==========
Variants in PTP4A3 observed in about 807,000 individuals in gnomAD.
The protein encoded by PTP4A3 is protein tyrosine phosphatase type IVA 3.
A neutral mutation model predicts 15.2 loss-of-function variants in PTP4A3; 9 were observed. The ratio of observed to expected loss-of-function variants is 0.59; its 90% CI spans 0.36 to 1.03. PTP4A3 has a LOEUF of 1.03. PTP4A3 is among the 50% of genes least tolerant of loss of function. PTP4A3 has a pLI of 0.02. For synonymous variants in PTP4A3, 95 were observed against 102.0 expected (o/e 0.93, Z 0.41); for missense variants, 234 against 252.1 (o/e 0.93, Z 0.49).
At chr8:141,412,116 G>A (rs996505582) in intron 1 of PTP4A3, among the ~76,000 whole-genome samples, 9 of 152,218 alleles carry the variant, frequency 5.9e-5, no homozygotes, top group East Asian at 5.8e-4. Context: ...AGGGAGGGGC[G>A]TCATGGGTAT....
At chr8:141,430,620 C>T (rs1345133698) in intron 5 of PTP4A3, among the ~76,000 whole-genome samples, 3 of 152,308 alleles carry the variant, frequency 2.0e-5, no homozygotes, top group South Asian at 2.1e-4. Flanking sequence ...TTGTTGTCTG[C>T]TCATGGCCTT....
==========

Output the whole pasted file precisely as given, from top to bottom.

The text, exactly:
Variants in PTP4A3 observed in about 807,000 individuals in gnomAD.
The protein encoded by PTP4A3 is protein tyrosine phosphatase type IVA 3.
A neutral mutation model predicts 15.2 loss-of-function variants in PTP4A3; 9 were observed. The ratio of observed to expected loss-of-function variants is 0.59; its 90% CI spans 0.36 to 1.03. PTP4A3 has a LOEUF of 1.03. PTP4A3 is among the 50% of genes least tolerant of loss of function. PTP4A3 has a pLI of 0.02. For synonymous variants in PTP4A3, 95 were observed against 102.0 expected (o/e 0.93, Z 0.41); for missense variants, 234 against 252.1 (o/e 0.93, Z 0.49).
At chr8:141,412,116 G>A (rs996505582) in intron 1 of PTP4A3, among the ~76,000 whole-genome samples, 9 of 152,218 alleles carry the variant, frequency 5.9e-5, no homozygotes, top group East Asian at 5.8e-4. Context: ...AGGGAGGGGC[G>A]TCATGGGTAT....
At chr8:141,430,620 C>T (rs1345133698) in intron 5 of PTP4A3, among the ~76,000 whole-genome samples, 3 of 152,308 alleles carry the variant, frequency 2.0e-5, no homozygotes, top group South Asian at 2.1e-4. Flanking sequence ...TTGTTGTCTG[C>T]TCATGGCCTT....